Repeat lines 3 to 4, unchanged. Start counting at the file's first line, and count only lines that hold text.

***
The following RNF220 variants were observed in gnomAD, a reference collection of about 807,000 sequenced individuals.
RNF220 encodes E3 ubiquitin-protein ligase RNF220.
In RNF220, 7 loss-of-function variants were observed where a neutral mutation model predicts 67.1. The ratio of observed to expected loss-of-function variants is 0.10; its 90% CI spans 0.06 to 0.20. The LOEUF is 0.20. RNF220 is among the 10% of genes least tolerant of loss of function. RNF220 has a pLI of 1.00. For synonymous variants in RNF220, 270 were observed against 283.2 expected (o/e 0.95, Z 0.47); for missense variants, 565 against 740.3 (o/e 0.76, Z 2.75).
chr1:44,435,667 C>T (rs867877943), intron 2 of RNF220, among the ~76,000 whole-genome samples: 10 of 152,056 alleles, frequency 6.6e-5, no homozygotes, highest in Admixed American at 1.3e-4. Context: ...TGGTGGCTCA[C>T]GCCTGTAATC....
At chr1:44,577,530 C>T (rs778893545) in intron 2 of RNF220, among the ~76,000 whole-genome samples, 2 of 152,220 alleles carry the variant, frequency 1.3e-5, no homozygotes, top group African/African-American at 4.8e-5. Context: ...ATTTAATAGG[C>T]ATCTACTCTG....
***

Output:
In RNF220, 7 loss-of-function variants were observed where a neutral mutation model predicts 67.1. The ratio of observed to expected loss-of-function variants is 0.10; its 90% CI spans 0.06 to 0.20. The LOEUF is 0.20. RNF220 is among the 10% of genes least tolerant of loss of function. RNF220 has a pLI of 1.00. For synonymous variants in RNF220, 270 were observed against 283.2 expected (o/e 0.95, Z 0.47); for missense variants, 565 against 740.3 (o/e 0.76, Z 2.75).
chr1:44,435,667 C>T (rs867877943), intron 2 of RNF220, among the ~76,000 whole-genome samples: 10 of 152,056 alleles, frequency 6.6e-5, no homozygotes, highest in Admixed American at 1.3e-4. Context: ...TGGTGGCTCA[C>T]GCCTGTAATC....